When it comes to distributing PPE in the European Union (EU), all products that fall under the European Regulation must carry the CE mark. This is a legal requirement and means that manufacturers are allowed to do business in all 27 EU member states.
If a product bears the CE marking, it has been assessed against the essential safety performance criteria as specified in the EU Regulation. This mark also acts as the manufacturer’s confirmation that the product adheres to the specific requirements of all the Directives or Regulations that apply to it and that it can be sold legally in the EU.
The PPE Directive was previously focused only on manufacturers placing products onto the market, but the PPE Regulation means the whole supply chain is involved. This means importers, distributors or anyone involved in the supply and distribution chain should take appropriate measures to ensure that PPE meets standard requirements, and that they only make products which comply with the Regulation available on the market, and keep relevant documents for at least 10 years.
BSI’s status as a Notified Body for many European Directives and Regulations enables it to offer third party testing and factory production control assessments to issue CE marks in the Netherlands. The level of involvement of BSI is determined by the Category the product falls under in the Regulation.
Standards and certification
Achieving certification to standards provide reassurance that protective gloves have met requirements that a standard identifies.
New glove standard
The publication of the new glove standard, EN ISO 21420:2020 Protective gloves – general requirements and test method which replaces EN 420:2003+A1:2009 Protective gloves. General requirements and test methods builds on the need for PPE to ensure that the materials from which their products are made do not adversely affect the health or safety of users and responds to the growing trend in standardization to address the topic of “innocuousness”.
The new EN ISO 21420:2020 standard brings a new limit level of DMFa (dimethylformamide) in polyurethane-coated (PU) gloves; it also provides further alignment with the REACH (Registration, Evaluation, Authorisation and Restriction of Chemicals) legislation on hazardous substances or substances of very high concern.
Protective gloves are frequently manufactured with the use of dozens of chemicals, and it is the manufacturer’s responsibility to ensure the products they place on the market are safe. This could prove challenging to the manufacturer in trying to determine whether it satisfies the provisions of the PPE Regulation. For this reason, the new standard pays close attention to alignment with REACH, by adding requirements for the absence of banned phthalates, but also nickel release, undetectable carcinogenic amines in azodyes, PAH content and the aforementioned DMFa content.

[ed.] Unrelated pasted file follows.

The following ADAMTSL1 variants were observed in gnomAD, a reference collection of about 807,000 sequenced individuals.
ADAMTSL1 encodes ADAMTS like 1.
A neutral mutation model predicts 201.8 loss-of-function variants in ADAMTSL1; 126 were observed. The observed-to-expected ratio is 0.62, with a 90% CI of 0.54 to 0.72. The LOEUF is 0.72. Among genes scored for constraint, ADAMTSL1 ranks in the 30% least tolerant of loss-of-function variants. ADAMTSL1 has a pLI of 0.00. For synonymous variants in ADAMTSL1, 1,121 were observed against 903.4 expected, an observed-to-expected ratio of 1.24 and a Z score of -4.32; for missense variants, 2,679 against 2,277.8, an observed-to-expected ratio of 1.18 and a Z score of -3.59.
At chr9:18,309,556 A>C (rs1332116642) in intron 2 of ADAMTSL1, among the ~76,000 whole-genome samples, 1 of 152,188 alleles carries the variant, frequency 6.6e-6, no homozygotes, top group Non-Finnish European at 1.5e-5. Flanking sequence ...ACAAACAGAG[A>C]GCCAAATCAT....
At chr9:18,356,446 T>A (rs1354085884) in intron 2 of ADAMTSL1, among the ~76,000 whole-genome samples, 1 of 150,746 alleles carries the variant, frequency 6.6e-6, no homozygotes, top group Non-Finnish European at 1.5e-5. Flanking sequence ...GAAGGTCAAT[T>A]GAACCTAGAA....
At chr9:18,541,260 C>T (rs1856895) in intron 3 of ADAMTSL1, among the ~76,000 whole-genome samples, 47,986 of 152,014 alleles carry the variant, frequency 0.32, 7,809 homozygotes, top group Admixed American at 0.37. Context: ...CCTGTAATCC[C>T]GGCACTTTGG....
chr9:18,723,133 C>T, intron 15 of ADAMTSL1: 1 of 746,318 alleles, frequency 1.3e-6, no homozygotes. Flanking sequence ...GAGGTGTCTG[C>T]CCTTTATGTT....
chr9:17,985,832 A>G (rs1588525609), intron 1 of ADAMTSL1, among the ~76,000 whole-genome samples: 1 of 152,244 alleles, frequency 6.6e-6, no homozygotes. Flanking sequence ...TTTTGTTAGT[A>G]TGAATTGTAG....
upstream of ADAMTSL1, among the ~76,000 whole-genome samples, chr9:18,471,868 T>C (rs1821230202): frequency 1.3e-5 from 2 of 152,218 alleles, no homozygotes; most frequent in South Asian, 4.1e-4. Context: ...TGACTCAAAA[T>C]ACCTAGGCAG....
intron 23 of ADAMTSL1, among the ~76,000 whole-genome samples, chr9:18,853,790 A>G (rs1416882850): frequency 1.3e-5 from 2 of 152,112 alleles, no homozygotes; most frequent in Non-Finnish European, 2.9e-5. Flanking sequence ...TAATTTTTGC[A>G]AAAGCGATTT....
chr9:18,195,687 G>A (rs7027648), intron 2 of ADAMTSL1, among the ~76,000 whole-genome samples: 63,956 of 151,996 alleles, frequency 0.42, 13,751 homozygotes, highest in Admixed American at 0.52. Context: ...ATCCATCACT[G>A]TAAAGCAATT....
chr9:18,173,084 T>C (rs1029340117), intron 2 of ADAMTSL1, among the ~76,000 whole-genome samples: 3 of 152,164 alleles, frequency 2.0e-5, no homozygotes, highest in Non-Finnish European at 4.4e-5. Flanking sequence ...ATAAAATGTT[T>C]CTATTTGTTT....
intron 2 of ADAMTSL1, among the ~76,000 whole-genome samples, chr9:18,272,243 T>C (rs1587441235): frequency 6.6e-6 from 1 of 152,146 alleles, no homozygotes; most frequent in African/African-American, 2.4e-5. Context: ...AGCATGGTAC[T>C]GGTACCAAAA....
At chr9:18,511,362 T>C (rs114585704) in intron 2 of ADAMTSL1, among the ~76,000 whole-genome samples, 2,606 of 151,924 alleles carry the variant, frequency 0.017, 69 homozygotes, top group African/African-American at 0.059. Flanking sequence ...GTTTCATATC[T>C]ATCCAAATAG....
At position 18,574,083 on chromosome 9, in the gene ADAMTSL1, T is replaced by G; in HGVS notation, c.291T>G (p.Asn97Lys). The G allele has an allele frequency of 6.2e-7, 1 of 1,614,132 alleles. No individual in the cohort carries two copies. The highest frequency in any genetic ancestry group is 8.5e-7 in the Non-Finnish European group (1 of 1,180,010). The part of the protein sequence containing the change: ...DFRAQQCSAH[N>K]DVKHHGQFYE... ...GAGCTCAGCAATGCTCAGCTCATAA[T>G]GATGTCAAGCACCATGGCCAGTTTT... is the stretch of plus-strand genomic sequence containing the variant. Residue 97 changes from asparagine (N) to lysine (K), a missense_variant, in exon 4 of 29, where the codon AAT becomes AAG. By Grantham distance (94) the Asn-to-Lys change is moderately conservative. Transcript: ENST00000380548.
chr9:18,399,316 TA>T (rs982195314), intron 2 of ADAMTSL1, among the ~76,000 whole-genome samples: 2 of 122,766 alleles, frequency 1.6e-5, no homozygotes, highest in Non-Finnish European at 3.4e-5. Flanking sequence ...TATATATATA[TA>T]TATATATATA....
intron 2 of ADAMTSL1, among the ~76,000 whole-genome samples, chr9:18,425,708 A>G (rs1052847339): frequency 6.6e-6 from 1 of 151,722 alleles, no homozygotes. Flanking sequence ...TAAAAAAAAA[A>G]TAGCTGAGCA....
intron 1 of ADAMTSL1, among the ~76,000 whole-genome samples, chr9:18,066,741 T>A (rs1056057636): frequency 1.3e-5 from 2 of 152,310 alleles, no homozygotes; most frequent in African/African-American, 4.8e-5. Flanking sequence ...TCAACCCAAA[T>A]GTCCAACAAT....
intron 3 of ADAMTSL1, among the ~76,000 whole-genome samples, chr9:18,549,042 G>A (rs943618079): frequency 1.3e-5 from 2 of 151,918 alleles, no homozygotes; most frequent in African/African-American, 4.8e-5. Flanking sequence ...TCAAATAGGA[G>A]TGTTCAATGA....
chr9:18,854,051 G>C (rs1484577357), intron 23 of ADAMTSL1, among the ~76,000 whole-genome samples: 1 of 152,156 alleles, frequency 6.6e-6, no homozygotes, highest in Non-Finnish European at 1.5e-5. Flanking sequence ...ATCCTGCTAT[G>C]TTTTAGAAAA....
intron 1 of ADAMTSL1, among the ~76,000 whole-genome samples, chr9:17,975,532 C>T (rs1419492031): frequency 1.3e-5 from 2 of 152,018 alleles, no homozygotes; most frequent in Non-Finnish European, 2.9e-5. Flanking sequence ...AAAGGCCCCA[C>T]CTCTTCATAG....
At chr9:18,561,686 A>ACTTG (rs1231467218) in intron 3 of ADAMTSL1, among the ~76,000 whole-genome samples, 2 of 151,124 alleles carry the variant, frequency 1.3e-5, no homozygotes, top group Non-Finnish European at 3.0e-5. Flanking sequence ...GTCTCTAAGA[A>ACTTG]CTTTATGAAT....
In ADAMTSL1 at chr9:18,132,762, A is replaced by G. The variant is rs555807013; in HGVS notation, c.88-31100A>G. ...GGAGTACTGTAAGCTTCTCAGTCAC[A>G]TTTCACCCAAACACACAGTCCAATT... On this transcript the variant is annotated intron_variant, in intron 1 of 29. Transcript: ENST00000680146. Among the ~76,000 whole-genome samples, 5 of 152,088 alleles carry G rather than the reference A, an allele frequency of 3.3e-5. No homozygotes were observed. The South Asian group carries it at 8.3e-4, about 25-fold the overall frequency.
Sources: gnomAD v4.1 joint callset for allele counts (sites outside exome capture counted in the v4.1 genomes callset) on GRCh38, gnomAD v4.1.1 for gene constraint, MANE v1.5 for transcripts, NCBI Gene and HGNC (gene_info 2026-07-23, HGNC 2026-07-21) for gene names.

Above and beyond standard hand protection
The BSI Kitemark™ gives a higher level of assurance that a product will do what it claims. From a buyer’s perspective, it helps differentiate well-made PPE products from those of a lower standard – or indeed counterfeit goods.
Many manufacturers apply for Kitemark certification to make sure their products stand out from others. In order to achieve the Kitemark certification, a product must comply with the specified requirements of a publicly available standard, such as a British, European or International Standard, or PAS (Publicly Available Specification).
If a product holds the Kitemark, it has been through a testing process to ensure it meets the relevant standards and passes all the applicable requirements.
This also involves the assessment of the factory’s quality management system against the ISO 9001 requirements. Once a licence has been issued, the manufacturer’s factory will be audited on a regular basis and products will be tested frequently to make sure they still comply with the specified requirements. Both the audit testing and factory assessments are above the minimum requirements specified for the Intermediate & Complex category in the PPE Regulation.
“by understanding hand protection, many incidents can be prevented”
Manufacturers that achieve the Kitemark certification demonstrate their on-going commitment to deliver hand protection of the highest standards on the market.
In addition to offering standards and certification to the Kitemark, our services also include direct testing and verification at product development stage to providing evidence for the CE and UKCA marking of a manufacturer’s products.
Keeping employees safe at work may seem complicated, however by understanding what PPE is available and what to look for when it comes to hand protection, many incidents can be prevented. Certification to key product standards through CE or UKCA marking and the BSI Kitemark can help PPE manufacturers clear regulatory hurdles, while differentiating their proven products from poor quality competitors and fakes. Most importantly, however, it will give the peace of mind to consumers and commercial buyers that the quality, safety and reliability of PPE products is guaranteed. Visit the BSI website for further information on the standards and certification BSI offers in relation to hand protection.
1 and 2. www.hse.gov.uk/statistics/causinj/index.htm